South Africa: farm strike intensifies in Western Cape

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South Africa: farm strike intensifies in Western Cape

Farm workers in South Africa's Western Cape region continued to strike yesterday, as rhetoric circulated promising further labor action.plums_17198239

The Building and Allied Workers Union of South Africa (Bawusa) vowed to intensify the work stoppage that struck four fruit-producing farms run by the Le Roux Group last week, Eye Witness News reported.

Bawusa has accused farm owners of manipulating the new minimum wage of ZAR105 (US$10.10) a day by implementing extra deductions for transport, rent and electricity.

"Management will now have to think seriously about whether they are prepared to sacrifice their opportunity to make money just for the sake of continuing this unjust conduct," Bawasu's general secretary, Nosey Pieterse, told Eye Witness News.

Although Pieterse said he hoped to keep the strikes peaceful, Agri Wes-Cape reported that a Bawasu-led group set a truck alight Monday and then burned a field in a farm neighboring Sandrivier Estates.

"Representatives of Bawusa entered the farm, after which a group of workers (estimated at around 150 individuals) engaged in strike action on the farm," Agri Wes-Cape said.

"The Police arrested some of the workers and the remaining ones opted to go home.

"Things returned to normal after this and workers carried on with their repective jobs on the farm."

Pieterse published on his Facebook profile Monday evening that 20 people had been arrested and three were in the hospital in relation to the strikes.

"My dream of a peaceful strike ha [sic] been shattered," he posted Monday.

"20 arrested 3 in hospital and I have been interdicted in my personal capacity as well as GS. Bawusa has also been interdicted."

He said nine farm entities were involved in the strikes, including Sandrivier, Fruit2u Packers, Joubertsdal, Mooikelder and Broodkraal.

Other reports indicated participation by just four farms, Broodkraal (Piketberg), Sandrivier (Wellington), Joubertsdal and Mooikelder (Paarl).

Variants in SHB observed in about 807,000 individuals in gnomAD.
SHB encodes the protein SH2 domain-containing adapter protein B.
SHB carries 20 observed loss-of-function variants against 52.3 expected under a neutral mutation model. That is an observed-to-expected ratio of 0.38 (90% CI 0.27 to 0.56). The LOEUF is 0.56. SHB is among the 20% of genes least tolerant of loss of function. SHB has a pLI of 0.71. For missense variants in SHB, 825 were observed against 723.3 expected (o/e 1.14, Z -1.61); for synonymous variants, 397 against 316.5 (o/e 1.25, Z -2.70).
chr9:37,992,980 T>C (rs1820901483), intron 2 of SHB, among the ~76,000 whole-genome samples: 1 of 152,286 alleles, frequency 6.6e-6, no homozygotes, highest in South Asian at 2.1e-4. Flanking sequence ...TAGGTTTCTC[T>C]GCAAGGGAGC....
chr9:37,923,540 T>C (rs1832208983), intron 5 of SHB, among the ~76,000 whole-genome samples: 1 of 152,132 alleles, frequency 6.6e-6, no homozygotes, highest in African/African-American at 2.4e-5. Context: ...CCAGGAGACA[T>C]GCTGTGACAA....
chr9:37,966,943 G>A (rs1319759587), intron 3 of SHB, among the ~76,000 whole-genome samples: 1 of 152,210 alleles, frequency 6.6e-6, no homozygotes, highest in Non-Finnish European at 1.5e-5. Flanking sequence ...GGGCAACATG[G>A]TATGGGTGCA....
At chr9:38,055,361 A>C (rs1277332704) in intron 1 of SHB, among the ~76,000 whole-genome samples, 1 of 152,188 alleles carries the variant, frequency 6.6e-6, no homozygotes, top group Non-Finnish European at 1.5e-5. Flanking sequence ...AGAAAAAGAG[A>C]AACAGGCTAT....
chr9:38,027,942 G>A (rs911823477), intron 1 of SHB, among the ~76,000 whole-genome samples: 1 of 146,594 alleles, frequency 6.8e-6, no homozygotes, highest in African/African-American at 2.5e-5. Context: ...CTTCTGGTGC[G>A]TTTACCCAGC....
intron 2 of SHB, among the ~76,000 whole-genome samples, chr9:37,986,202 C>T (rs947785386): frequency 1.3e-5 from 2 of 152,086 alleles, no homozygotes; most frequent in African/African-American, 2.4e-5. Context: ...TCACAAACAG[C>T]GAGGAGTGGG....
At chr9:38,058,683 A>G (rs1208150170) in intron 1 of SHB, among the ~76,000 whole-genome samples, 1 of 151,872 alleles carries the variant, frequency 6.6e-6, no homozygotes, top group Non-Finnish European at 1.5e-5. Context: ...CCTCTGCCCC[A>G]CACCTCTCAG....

Estimates on the number of participating workers varied widely. As of Monday, Bawusa reported that 3,000 workers had joined the strike. Agri Wes-Cape indicated much lower participation, reporting 250 strikers on Friday and just 150 on Monday.

Agri Wes-Cape said a number of workers had spoken with management Monday and returned to work after their questions had been answered.

In May 2013, the Le Roux Group did its annual consultation with workers to establish the year's current service contracts.

"Some of the changes to service contracts were the benefits (eg housing and  transport) that were not previously included in their salary packages, but was now added to the contracts and indicated on the payslips," Agri Wes-Cape said.

"In the case of the Le Roux Group, the cost of these benefits, as mutually agreed to by management, workers and worker representatives, were added to the salary packages over and above the wage increases.

"This means where the applicable benefit costs were added to the gross income on the workers’ payslips, it was at the same time deducted as expenditure, with no financial loss to the worker."

In the case of unfair labor practices, Agri Wes-Cape said unions can advise employers through a written notice stating the offenses and then work through the Commission for Conciliation, Mediation and Arbitration (CMMA) to resolve the issue. Agri Wes-Cape said Friday that CCMA had not been properly consulted to establish the strike.

Pieterse, however, alleged that the union had been blocked out of discussions.

"Even when people were talking about the R105, some of the companies were introducing unilateral changes to the working conditions of their employees," he told

Related story: South Africa: renewed action marks one-year anniversary of farm strikes



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